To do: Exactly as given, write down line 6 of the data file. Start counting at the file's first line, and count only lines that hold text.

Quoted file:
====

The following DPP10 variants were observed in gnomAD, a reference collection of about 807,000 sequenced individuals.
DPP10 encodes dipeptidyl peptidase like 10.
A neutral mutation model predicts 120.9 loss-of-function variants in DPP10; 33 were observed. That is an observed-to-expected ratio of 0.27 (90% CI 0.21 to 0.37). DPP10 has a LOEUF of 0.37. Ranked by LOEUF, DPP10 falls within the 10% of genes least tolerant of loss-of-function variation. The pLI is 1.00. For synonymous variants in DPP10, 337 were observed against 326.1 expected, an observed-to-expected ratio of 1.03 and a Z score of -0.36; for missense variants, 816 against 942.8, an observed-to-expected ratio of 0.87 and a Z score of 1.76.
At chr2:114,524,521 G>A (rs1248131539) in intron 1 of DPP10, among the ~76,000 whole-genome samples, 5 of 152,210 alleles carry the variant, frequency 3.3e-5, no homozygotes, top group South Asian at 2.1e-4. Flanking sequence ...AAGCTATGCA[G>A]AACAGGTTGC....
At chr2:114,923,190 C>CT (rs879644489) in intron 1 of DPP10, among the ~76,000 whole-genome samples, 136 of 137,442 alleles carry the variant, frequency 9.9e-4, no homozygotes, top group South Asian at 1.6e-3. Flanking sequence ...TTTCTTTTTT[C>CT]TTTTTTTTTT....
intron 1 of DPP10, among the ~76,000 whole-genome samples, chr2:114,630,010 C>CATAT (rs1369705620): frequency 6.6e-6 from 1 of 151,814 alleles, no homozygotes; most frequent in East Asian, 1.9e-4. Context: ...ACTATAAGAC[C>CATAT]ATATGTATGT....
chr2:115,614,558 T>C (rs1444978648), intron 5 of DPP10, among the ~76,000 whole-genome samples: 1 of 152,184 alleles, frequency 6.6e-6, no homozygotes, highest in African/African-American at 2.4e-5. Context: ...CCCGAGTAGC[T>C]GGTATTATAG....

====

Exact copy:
intron 1 of DPP10, among the ~76,000 whole-genome samples, chr2:114,630,010 C>CATAT (rs1369705620): frequency 6.6e-6 from 1 of 151,814 alleles, no homozygotes; most frequent in East Asian, 1.9e-4. Context: ...ACTATAAGAC[C>CATAT]ATATGTATGT....